My college-aged kids love him. I’m not talking about Stephen Curry or Justin Bieber (although they love them too); I’m talking about Bernie Sanders.
Whether you support him or not, my guess is that most Americans my age are very surprised about his popularity. However, it shouldn’t be a surprise given the economic stress many Americans face.
The four charts below capture the essence of what I’m talking about…
A shrinking middle class and a growing lower class
Sadly, roughly 50 million Americans live below the poverty line—the largest number in our nation’s history—and the poorest 40% of all Americans now spend more than 50% of their incomes just on food and housing.
Consumer sentiment is plummeting
No wonder that consumer sentiment has been sinking fast, which is a very troubling sign for our consumer-driven economy.
Spending is slowing
That consumer angst translates into a drop in spending. The Commerce Department reported that retail sales dropped by 0.3% in March, well below the +0.1% gain Wall Street was expecting.
The biggest drop was in auto spending, which was down 2.1%. One of the weakest sectors, however, was restaurants.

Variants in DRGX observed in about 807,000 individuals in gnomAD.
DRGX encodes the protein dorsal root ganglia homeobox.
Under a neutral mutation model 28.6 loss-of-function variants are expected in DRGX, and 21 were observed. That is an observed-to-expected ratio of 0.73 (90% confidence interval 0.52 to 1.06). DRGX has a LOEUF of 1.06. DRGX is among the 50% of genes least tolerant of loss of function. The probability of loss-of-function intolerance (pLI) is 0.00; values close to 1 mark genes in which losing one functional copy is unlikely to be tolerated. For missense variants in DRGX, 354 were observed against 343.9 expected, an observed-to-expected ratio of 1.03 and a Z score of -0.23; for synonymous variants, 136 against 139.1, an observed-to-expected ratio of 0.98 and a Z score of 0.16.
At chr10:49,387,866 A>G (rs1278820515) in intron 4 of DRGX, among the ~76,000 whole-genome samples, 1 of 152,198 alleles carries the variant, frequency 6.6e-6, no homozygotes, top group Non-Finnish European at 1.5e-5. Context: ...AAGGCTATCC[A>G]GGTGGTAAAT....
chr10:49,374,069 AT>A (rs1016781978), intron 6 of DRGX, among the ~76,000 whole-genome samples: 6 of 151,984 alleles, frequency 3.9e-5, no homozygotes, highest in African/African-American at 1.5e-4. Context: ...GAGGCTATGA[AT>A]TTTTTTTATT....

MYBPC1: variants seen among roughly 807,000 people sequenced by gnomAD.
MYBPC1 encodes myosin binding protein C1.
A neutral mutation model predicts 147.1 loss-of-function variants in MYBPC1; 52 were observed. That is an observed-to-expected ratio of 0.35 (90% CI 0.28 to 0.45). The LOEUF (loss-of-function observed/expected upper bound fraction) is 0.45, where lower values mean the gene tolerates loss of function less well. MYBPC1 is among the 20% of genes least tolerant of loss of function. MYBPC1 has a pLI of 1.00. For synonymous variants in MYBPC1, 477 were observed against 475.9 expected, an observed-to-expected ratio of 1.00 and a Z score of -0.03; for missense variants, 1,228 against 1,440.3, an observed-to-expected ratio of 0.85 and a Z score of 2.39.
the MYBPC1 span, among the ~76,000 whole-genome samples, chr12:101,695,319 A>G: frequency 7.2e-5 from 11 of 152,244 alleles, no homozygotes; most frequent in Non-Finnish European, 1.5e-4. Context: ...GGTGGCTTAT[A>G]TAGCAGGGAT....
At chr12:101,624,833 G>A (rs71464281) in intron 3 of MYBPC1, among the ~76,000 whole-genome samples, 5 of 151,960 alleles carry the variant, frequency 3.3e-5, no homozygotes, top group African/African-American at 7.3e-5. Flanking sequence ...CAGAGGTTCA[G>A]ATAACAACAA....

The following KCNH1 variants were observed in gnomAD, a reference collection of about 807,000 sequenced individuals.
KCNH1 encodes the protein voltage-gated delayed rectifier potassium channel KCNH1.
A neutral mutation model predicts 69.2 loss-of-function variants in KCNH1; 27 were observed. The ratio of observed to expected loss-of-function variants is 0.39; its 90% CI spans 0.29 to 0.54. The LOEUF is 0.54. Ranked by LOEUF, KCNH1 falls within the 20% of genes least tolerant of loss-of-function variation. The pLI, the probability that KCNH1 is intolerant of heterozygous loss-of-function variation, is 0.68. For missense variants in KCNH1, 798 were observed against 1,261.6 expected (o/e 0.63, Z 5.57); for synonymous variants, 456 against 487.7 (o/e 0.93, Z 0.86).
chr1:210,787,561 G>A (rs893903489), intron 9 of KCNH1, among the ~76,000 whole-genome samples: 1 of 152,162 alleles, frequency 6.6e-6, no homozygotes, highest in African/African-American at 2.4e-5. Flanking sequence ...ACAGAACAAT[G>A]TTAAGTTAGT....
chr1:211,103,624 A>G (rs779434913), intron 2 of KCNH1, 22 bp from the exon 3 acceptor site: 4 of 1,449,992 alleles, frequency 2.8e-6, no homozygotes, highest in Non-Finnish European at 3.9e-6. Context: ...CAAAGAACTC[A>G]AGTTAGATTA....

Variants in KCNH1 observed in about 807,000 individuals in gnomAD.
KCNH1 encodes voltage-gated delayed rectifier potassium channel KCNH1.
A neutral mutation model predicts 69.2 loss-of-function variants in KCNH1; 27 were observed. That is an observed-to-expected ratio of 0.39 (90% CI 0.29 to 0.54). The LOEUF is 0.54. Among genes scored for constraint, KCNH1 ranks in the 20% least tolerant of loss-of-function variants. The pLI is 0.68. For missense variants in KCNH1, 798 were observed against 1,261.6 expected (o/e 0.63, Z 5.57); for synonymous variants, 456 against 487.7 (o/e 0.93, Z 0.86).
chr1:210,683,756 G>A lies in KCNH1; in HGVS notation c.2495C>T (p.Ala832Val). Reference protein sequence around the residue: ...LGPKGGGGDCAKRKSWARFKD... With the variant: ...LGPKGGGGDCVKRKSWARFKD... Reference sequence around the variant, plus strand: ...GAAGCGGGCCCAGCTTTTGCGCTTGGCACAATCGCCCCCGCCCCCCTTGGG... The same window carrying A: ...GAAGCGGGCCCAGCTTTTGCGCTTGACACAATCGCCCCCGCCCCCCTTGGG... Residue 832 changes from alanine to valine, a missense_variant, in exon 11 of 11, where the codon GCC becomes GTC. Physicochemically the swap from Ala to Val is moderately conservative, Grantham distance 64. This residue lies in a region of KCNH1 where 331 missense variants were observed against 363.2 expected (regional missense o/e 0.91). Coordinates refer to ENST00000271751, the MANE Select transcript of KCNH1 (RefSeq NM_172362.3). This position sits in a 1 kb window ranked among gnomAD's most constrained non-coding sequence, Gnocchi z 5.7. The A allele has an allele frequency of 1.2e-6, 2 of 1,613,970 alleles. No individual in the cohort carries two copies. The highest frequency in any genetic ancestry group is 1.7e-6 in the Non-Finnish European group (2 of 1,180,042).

Wages are shrinking
I suspect the root of the issue is wages… or lack thereof. The reality is that inflation-adjusted wages—despite the recent minimum wage increase in several states—have been shrinking.
A recent report concluded, “In real terms, the average wage peaked more than 40 years ago.”
Check out these discouraging numbers:
• 39% of American workers make less than $20,000 a year.
• 52% of American workers make less than $30,000 a year.
• 63% of American workers make less than $40,000 a year.
• 72% of American workers make less than $50,000 a year.
Debt is piling up
And it doesn’t help that Americans continue to rack up debt.
Example: Outstanding auto loans have hit more than a trillion dollars. With an average balance of $12,000 per person, that consumes nearly 8% of the average borrower’s disposable income!
No wonder that an estimated 62% of Americans are living paycheck to paycheck.
And all of us—low, medium, and high income combined—are working longer than ever to pay a growing tax bill. Tax freedom day (the day when the nation as a whole has earned enough to pay the state and federal tax bill for the year) arrived on April 24, according to the nonpartisan Tax Foundation.
That means all the money we made in the first 114 days of 2016 went to taxes.